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Reviews of Darkfall (1997)

Review by miss_niss (2005-07-22)
Isabelle Carmody is no stranger to the fantasy genre but this new series shows how she has grown and matured as a writer since the Obernewytn Chronicles. The world of Keltor she introduces to us in this fist book of the Legendsong series, Darkfall, is much more complex and layered than we have previously seen from her. Thankfully she has moved away from the post-holocaust which she has favored in the past, instead the main character Glynn has been thrust into an parallel world totally alien to her. In confronting the strange inhabitants and environment of Keltor, Glynn experiences the same naivetey and confusion as the reader when first plunged into the fantasy. Using this kind of technique, Carmody avoids overwhelming the reader with strange names, places and concepts, which often puts off people from reading fantasy.

Keltor is a varied and rich world with a wide scope of different landscapes, in the first book most of he action takes place in the caves of the island of Acantha. There are a number of different islands on Keltor, each with its own unique landscape, Fromhika is covered in lush tropical rainforests while Acantha is mostly one giant cold moor, with the Acanthans living in dark underground caverns that are linked by a maze of tunnels and runs. The people vary from island to island, and we are given hints of the magical powers that are possible, from 'windwalking' to 'plantsinging' and of course 'visionweaving' (the ability to see the future).

Glynn has a revolve and dedication that makes her an endearing character. She makes mistakes but she relies on her wits and personal strength to get her through, she drives her own path, unlike so many fantasy characters driven by prohpecy or fate. That's not to say Darkfall does not rely heavily on the usual fantasy themes of destiny and prophecy, the epitome of this is Glynn's twin sister, Ember, and her dealings with the soulweaver Alene. The soulweavers in Keltor are reminiscent of Aes Sedai from the Wheel of Time series, and there is the usual myths and beliefs of Good battling Evil, but in Darkfall it becomes more of a subplot than the main story. Perhaps the contrast between Ember's tale (Ember also winds up in Keltor coming after Glynn) and Glynn's is what makes Glynn so likeable, she at least appears to control her own actions and will not be dictated to.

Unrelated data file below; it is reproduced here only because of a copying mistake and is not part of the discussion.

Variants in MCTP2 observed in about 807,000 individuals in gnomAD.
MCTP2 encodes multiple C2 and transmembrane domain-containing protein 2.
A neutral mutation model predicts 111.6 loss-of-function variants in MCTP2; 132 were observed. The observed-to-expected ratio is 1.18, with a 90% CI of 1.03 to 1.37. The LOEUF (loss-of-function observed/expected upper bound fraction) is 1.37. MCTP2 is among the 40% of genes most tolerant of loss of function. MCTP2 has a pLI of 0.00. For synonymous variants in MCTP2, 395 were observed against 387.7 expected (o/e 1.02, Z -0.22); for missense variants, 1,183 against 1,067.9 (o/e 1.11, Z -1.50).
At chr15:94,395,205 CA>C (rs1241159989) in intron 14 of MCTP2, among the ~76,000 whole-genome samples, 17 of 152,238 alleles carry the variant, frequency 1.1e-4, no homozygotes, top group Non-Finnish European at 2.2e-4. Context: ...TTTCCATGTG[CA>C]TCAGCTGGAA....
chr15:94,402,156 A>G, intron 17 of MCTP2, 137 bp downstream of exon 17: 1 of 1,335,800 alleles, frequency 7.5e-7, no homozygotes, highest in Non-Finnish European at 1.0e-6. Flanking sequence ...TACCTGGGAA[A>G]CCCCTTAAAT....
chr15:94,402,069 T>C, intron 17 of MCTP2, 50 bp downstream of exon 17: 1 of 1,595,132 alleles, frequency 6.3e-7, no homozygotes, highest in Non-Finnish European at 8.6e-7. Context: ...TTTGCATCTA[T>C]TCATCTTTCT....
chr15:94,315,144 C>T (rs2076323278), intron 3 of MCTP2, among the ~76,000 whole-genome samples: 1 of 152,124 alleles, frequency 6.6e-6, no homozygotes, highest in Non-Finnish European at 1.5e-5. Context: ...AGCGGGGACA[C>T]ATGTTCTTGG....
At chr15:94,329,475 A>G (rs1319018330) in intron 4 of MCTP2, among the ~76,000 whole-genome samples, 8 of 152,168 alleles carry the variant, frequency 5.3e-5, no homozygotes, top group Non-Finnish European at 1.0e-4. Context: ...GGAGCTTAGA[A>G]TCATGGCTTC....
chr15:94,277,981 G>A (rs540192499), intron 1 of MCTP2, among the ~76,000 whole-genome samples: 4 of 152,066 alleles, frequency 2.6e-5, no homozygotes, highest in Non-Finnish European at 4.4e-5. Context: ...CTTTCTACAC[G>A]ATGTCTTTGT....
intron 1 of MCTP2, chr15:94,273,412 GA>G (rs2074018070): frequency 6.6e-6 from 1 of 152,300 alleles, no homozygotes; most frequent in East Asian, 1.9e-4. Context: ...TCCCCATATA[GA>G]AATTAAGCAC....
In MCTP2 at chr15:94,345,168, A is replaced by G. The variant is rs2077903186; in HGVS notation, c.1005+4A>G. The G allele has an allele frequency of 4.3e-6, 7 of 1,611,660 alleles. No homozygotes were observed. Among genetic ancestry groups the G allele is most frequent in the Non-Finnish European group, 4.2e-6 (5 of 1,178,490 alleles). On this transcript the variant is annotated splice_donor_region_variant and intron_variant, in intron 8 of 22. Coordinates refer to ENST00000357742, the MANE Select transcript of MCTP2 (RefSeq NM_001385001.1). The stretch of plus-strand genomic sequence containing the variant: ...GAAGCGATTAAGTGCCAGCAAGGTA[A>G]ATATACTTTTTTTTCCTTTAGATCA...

Overall, Darkfall is an enjoyable read, and I can forgive Carmody for not finishing the Obernewtyn Chronicles to take the time out to write it. But only just. Recommended if you enjoyed her other books but this one has been written with slightly older readers in mind. The more colourful setting and charcters might not appeal to those who enjoy the very dark fantasy, Darkfall is not about wars and pain and torture and is quite light on the violence but of course there is the usual undrcurrent of evil and darkness.




©Steven Jeffery / IBList.com, 2012
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